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Fall Pond
Steve Neel

How the Community Forest Program works

Community forests can be part of the climate solution — and help increase public access to lands, close to home.

“The Community Forest and Open Space Conservation Program (Community Forest Program) of the Forest Service offers a unique opportunity for communities to acquire and conserve forests that provide public access and recreational opportunities, protect vital water supplies and wildlife habitat, serve as demonstration sites for private forest landowners, and provide economic benefits from timber and non-timber products…”

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Forest
Flickr

Community Forests: A path to prosperity and connection

Community forests can be part of the climate solution — and help increase public access to lands, close to home.

“Community forests are protected forestlands that contribute to healthy, flourishing communities. Importantly, they offer residents and community members a direct say in how these lands are stewarded over time…”

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Fern Forest
iStock

New special report on the benefits of community forest

Community forests can be part of the climate solution — and help increase public access to lands, close to home.

The Trust for Public Land announced the release of a special report, “Community Forests: A Path to Prosperity and Connection,” in partnership with the U.S. Forest Service and with generous support from the U.S. Endowment for Forestry and Communities. The report, and accompanying handouts, takes a case-study approach to understanding and exploring the numerous economic benefits provided by community forests created through the U.S. Forest Service’s Community Forest and Open Space Conservation Program (CFP).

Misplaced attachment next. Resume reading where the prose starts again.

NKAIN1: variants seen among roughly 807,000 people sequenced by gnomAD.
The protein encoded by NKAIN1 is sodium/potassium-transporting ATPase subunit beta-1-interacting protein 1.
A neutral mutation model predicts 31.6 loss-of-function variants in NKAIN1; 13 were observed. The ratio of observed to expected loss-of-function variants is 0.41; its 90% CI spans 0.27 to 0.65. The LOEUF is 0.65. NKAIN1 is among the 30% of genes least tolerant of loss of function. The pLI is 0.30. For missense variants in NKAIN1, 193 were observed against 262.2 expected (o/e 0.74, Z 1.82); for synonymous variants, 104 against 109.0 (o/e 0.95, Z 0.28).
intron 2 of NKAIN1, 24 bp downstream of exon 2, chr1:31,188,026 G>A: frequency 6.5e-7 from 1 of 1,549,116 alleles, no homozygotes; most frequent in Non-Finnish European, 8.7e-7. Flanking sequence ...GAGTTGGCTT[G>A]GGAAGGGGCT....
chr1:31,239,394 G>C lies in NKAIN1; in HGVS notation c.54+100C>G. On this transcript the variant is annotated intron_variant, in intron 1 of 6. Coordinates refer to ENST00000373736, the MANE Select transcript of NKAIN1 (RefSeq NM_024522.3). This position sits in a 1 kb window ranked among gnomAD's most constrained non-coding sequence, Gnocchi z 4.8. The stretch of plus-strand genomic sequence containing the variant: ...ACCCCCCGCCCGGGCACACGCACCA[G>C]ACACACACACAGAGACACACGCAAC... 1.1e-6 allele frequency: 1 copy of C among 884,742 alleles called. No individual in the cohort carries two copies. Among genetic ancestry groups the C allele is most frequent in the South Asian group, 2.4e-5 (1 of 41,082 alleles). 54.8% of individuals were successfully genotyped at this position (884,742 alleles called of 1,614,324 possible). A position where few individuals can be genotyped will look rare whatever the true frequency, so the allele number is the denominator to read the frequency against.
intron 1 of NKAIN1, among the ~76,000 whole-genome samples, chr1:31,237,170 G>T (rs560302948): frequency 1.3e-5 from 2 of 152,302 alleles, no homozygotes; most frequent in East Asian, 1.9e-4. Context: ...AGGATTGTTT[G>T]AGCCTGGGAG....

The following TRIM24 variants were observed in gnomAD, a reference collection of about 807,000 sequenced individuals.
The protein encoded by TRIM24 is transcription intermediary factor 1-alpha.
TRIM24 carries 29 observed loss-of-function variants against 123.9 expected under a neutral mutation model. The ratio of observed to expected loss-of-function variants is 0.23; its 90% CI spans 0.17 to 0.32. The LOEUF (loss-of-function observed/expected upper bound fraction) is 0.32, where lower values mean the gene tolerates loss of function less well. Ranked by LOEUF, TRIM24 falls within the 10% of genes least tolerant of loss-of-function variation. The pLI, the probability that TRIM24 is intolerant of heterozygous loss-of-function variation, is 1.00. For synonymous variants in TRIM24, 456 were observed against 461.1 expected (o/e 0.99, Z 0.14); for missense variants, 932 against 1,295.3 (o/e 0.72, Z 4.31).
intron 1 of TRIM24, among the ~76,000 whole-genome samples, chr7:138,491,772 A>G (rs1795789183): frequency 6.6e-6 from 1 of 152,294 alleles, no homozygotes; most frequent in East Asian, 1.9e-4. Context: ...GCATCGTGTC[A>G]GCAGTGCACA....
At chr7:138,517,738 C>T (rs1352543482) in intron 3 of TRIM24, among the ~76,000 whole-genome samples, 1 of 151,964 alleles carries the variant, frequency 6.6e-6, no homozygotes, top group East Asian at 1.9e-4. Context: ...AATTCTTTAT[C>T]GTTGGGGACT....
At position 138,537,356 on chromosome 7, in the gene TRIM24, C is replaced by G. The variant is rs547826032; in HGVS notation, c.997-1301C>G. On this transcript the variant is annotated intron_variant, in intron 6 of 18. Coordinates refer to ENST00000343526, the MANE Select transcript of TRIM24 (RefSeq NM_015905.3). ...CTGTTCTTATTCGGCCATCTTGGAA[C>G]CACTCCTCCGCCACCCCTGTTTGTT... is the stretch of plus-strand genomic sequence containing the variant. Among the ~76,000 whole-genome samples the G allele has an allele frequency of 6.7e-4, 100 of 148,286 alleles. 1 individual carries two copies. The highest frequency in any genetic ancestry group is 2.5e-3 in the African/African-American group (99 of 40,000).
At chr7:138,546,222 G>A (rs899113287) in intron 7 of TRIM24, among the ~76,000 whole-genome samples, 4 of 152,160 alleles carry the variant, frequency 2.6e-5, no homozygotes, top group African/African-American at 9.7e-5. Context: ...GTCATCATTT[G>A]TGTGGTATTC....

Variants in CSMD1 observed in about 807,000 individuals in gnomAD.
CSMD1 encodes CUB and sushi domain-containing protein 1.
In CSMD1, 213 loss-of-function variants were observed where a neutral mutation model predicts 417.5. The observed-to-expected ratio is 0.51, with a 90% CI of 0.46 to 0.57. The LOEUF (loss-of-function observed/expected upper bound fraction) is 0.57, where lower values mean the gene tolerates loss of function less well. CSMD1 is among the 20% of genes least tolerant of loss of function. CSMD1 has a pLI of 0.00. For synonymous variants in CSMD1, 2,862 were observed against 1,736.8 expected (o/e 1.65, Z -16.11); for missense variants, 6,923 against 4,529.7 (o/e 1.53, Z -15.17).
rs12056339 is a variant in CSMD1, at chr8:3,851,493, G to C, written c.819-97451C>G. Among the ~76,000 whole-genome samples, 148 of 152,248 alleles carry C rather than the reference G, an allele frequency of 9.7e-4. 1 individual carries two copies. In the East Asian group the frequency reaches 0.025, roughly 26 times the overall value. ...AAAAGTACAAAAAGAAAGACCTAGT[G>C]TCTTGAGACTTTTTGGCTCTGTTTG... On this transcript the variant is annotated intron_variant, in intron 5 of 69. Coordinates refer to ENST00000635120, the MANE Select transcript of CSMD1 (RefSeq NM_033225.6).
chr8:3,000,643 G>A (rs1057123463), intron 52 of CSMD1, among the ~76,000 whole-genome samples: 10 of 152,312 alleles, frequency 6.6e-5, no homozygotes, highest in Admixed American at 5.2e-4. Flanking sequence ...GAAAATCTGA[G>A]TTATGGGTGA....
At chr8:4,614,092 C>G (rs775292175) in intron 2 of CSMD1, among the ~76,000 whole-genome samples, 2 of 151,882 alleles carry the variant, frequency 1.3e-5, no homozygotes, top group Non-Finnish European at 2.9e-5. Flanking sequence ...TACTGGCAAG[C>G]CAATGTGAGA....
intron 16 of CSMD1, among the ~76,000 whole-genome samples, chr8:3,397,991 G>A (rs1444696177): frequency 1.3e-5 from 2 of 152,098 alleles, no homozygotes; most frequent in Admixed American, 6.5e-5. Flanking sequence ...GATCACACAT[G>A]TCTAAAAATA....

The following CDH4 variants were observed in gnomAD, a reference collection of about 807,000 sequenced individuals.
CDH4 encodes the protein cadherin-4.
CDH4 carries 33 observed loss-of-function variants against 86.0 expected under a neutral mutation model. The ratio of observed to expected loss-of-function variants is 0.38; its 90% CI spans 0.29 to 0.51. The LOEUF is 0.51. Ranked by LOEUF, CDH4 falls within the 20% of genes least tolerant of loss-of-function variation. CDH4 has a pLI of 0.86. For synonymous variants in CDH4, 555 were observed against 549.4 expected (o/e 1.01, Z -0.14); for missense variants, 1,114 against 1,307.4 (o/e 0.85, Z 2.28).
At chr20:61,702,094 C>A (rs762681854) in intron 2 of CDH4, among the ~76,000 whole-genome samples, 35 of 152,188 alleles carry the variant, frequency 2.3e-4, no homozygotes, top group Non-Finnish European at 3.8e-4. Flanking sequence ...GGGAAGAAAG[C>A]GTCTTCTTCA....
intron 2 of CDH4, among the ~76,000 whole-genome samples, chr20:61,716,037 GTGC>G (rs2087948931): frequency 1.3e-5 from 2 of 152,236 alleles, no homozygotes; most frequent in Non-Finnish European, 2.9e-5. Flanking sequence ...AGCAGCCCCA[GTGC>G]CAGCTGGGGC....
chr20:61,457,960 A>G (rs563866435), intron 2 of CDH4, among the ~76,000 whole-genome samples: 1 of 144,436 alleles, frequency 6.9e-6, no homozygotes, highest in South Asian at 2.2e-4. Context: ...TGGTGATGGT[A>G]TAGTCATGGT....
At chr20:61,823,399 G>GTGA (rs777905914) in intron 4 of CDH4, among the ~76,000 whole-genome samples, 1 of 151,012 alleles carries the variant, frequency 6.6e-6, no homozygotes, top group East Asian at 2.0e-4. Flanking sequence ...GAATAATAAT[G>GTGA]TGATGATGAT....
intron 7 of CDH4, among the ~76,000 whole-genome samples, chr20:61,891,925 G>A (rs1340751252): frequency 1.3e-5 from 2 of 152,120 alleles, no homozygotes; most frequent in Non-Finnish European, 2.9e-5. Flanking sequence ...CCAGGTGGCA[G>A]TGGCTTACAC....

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Solar Install
Taos Land Trust

Producing energy while protecting the land

Some of the most innovative land trusts are small and nimble. In 2017, Taos Land Trust was already focused on climate change and modeling how to make a difference. Today, other land trusts are realizing that compatible solar is going to need to be at the core of their conservation efforts — just like invasive species management.

“Part of our work as a community land trust is to help reframe the energy debate and build community energy resiliency.

…[W]e flipped the switch on our first solar energy array and as of today more than 50% of the energy we use to run Taos Land Trust is generated by our new solar panels. The 2kW photovoltaic array sitting on our downtown Taos property was installed through a generous grant from the PPC Solar Photovoltaic Donation Program. This is a huge move for us…”

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Owls
Gorder Ellmers/Grassland Bird Trust

Argyle bird trust working with solar developer to conserve more land

With so many birds at risk due to climate change, finding ways for renewables to work with them is increasingly important.

“We’re excited about this collaboration and look forward to working with Eden on future mitigation projects,” said Grassland Bird Trust Executive Director Laurie LaFond. “We believe that renewable energy, when done right, can play an important role in restoring populations of grassland birds to sustainable levels.”

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Healthy Sprout
iStock

Climate change affects soil health

Installing millions of acres of solar that are mowed like lawns, to me, is a gigantic waste. Instead, we could promote elevated solar that allows for a diversity of farming and ranching underneath and between the panels.